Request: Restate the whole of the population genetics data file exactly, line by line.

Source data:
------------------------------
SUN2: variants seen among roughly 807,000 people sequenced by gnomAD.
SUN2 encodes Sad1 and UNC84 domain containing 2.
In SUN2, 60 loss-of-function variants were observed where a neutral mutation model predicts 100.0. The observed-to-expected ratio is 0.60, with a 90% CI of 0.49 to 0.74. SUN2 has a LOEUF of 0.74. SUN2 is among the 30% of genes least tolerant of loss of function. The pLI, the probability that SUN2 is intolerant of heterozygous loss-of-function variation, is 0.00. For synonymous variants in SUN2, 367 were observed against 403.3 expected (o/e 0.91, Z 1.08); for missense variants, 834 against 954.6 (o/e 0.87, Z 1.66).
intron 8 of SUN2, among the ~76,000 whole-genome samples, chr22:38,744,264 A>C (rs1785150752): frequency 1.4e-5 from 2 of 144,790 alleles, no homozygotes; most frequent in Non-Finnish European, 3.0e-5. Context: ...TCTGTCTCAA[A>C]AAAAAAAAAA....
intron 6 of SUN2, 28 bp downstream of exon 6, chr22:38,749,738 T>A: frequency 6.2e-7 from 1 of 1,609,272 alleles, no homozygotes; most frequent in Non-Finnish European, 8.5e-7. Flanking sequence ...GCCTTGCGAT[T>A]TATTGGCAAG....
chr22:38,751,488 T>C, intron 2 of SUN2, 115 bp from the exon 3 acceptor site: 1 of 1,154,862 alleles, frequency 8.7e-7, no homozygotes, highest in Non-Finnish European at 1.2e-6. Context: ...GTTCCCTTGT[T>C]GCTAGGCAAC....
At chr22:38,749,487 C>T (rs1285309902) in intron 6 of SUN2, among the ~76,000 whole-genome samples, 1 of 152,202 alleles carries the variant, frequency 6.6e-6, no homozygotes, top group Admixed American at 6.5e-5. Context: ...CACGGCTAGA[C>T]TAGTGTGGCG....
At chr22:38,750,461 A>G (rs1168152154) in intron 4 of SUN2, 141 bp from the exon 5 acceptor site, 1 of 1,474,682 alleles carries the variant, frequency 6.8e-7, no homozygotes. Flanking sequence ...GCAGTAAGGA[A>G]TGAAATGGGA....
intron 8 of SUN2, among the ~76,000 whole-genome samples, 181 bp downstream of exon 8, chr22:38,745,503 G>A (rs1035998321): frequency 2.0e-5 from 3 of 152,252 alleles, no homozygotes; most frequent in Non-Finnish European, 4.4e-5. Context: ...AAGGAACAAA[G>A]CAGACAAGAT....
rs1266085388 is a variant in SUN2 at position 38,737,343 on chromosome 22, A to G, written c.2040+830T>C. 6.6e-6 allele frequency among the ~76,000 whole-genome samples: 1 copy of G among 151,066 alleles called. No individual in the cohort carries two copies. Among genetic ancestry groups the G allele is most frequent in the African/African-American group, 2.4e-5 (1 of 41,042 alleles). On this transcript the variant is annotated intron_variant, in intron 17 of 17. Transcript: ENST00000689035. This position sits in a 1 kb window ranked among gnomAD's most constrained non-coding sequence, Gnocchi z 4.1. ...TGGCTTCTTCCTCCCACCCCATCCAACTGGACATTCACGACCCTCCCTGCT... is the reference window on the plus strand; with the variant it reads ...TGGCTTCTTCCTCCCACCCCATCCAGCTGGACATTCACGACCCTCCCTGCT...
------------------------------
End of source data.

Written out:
SUN2: variants seen among roughly 807,000 people sequenced by gnomAD.
SUN2 encodes Sad1 and UNC84 domain containing 2.
In SUN2, 60 loss-of-function variants were observed where a neutral mutation model predicts 100.0. The observed-to-expected ratio is 0.60, with a 90% CI of 0.49 to 0.74. SUN2 has a LOEUF of 0.74. SUN2 is among the 30% of genes least tolerant of loss of function. The pLI, the probability that SUN2 is intolerant of heterozygous loss-of-function variation, is 0.00. For synonymous variants in SUN2, 367 were observed against 403.3 expected (o/e 0.91, Z 1.08); for missense variants, 834 against 954.6 (o/e 0.87, Z 1.66).
intron 8 of SUN2, among the ~76,000 whole-genome samples, chr22:38,744,264 A>C (rs1785150752): frequency 1.4e-5 from 2 of 144,790 alleles, no homozygotes; most frequent in Non-Finnish European, 3.0e-5. Context: ...TCTGTCTCAA[A>C]AAAAAAAAAA....
intron 6 of SUN2, 28 bp downstream of exon 6, chr22:38,749,738 T>A: frequency 6.2e-7 from 1 of 1,609,272 alleles, no homozygotes; most frequent in Non-Finnish European, 8.5e-7. Flanking sequence ...GCCTTGCGAT[T>A]TATTGGCAAG....
chr22:38,751,488 T>C, intron 2 of SUN2, 115 bp from the exon 3 acceptor site: 1 of 1,154,862 alleles, frequency 8.7e-7, no homozygotes, highest in Non-Finnish European at 1.2e-6. Context: ...GTTCCCTTGT[T>C]GCTAGGCAAC....
At chr22:38,749,487 C>T (rs1285309902) in intron 6 of SUN2, among the ~76,000 whole-genome samples, 1 of 152,202 alleles carries the variant, frequency 6.6e-6, no homozygotes, top group Admixed American at 6.5e-5. Context: ...CACGGCTAGA[C>T]TAGTGTGGCG....
At chr22:38,750,461 A>G (rs1168152154) in intron 4 of SUN2, 141 bp from the exon 5 acceptor site, 1 of 1,474,682 alleles carries the variant, frequency 6.8e-7, no homozygotes. Flanking sequence ...GCAGTAAGGA[A>G]TGAAATGGGA....
intron 8 of SUN2, among the ~76,000 whole-genome samples, 181 bp downstream of exon 8, chr22:38,745,503 G>A (rs1035998321): frequency 2.0e-5 from 3 of 152,252 alleles, no homozygotes; most frequent in Non-Finnish European, 4.4e-5. Context: ...AAGGAACAAA[G>A]CAGACAAGAT....
rs1266085388 is a variant in SUN2 at position 38,737,343 on chromosome 22, A to G, written c.2040+830T>C. 6.6e-6 allele frequency among the ~76,000 whole-genome samples: 1 copy of G among 151,066 alleles called. No individual in the cohort carries two copies. Among genetic ancestry groups the G allele is most frequent in the African/African-American group, 2.4e-5 (1 of 41,042 alleles). On this transcript the variant is annotated intron_variant, in intron 17 of 17. Transcript: ENST00000689035. This position sits in a 1 kb window ranked among gnomAD's most constrained non-coding sequence, Gnocchi z 4.1. ...TGGCTTCTTCCTCCCACCCCATCCAACTGGACATTCACGACCCTCCCTGCT... is the reference window on the plus strand; with the variant it reads ...TGGCTTCTTCCTCCCACCCCATCCAGCTGGACATTCACGACCCTCCCTGCT...